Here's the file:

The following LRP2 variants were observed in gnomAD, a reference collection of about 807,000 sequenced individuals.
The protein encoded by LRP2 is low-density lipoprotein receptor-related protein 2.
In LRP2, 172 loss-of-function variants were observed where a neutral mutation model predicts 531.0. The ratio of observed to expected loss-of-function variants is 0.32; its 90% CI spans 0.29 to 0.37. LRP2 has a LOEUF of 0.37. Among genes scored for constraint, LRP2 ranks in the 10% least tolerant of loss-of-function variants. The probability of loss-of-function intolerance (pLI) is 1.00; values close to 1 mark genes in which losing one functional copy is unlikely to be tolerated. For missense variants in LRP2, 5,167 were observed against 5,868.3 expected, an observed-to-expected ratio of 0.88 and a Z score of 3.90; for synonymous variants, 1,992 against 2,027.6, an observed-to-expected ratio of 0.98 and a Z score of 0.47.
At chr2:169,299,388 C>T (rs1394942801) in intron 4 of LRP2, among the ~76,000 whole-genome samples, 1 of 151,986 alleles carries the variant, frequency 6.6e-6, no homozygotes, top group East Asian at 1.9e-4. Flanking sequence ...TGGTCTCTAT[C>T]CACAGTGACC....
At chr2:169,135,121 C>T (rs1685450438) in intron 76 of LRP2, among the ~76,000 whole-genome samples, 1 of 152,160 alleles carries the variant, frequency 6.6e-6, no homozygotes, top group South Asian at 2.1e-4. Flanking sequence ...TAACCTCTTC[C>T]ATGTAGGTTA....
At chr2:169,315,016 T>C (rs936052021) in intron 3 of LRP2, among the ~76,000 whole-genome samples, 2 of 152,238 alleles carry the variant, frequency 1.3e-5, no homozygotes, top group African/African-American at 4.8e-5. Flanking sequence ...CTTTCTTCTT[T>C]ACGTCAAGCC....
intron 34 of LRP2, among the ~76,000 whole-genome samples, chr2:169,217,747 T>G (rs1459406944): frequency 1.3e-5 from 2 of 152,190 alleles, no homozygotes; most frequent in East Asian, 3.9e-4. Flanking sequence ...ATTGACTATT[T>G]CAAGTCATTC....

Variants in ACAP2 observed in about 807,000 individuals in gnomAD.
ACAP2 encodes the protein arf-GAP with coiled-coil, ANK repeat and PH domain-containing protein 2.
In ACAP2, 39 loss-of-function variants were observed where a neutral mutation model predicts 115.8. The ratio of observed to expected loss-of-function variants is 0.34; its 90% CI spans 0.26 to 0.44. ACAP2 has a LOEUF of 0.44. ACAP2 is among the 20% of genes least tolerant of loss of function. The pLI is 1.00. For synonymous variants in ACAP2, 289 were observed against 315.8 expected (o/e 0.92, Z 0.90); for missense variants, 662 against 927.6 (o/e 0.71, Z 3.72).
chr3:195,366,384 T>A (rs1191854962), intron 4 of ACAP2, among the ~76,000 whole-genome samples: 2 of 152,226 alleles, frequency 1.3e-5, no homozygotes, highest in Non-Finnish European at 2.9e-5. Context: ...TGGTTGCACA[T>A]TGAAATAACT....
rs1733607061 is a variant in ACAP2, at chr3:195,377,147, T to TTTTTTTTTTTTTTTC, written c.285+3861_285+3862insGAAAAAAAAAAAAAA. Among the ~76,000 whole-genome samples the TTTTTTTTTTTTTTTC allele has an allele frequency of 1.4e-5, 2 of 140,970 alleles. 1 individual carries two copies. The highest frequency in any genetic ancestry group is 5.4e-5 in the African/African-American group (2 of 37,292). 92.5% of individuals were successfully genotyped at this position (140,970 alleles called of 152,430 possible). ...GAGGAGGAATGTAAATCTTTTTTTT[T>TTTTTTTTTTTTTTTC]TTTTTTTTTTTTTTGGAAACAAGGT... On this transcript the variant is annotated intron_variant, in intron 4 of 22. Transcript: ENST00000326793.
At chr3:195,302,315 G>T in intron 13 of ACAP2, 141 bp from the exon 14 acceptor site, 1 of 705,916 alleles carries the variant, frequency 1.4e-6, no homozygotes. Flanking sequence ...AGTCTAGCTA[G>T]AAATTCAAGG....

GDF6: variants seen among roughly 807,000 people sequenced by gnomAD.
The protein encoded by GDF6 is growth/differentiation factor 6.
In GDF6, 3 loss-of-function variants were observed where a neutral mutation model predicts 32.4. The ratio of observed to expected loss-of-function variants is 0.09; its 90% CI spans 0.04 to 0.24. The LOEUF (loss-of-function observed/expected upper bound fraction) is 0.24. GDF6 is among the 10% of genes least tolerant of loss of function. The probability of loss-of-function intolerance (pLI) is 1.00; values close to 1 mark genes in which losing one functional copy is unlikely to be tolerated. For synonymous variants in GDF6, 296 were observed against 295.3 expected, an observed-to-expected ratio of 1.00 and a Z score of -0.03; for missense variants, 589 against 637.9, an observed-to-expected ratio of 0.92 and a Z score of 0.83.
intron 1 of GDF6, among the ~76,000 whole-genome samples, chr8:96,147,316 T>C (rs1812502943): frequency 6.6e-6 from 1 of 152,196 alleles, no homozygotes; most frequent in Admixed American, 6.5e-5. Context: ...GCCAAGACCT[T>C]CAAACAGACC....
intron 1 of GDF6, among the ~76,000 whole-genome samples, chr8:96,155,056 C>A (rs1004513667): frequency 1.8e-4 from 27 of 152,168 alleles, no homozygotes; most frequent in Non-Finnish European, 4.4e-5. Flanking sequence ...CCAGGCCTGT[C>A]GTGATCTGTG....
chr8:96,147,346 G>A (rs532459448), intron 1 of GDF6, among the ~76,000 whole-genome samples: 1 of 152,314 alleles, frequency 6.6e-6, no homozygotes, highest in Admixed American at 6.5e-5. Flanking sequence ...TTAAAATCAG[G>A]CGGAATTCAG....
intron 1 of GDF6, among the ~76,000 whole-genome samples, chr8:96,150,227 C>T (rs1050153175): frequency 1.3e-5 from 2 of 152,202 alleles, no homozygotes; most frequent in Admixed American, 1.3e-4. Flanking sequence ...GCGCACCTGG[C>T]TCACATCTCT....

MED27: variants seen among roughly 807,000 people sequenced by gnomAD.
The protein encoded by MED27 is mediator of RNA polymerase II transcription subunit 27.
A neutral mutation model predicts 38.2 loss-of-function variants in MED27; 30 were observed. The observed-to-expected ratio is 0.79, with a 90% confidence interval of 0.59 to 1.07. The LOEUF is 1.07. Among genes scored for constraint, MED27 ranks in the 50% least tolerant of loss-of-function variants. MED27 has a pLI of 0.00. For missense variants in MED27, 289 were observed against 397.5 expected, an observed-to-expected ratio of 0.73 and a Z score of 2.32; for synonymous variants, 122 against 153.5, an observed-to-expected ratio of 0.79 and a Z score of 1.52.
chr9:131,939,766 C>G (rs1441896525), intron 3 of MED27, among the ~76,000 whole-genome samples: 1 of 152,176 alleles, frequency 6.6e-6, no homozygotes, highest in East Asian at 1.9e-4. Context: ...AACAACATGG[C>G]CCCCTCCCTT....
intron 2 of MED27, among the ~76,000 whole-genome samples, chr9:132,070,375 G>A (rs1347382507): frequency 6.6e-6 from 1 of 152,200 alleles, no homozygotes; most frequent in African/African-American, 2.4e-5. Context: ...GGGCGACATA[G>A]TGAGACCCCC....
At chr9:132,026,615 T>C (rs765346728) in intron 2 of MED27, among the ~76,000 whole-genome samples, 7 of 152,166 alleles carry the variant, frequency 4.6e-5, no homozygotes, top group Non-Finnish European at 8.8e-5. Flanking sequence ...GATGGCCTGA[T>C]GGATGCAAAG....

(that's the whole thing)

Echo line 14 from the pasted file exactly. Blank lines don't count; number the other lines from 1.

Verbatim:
GDF6: variants seen among roughly 807,000 people sequenced by gnomAD.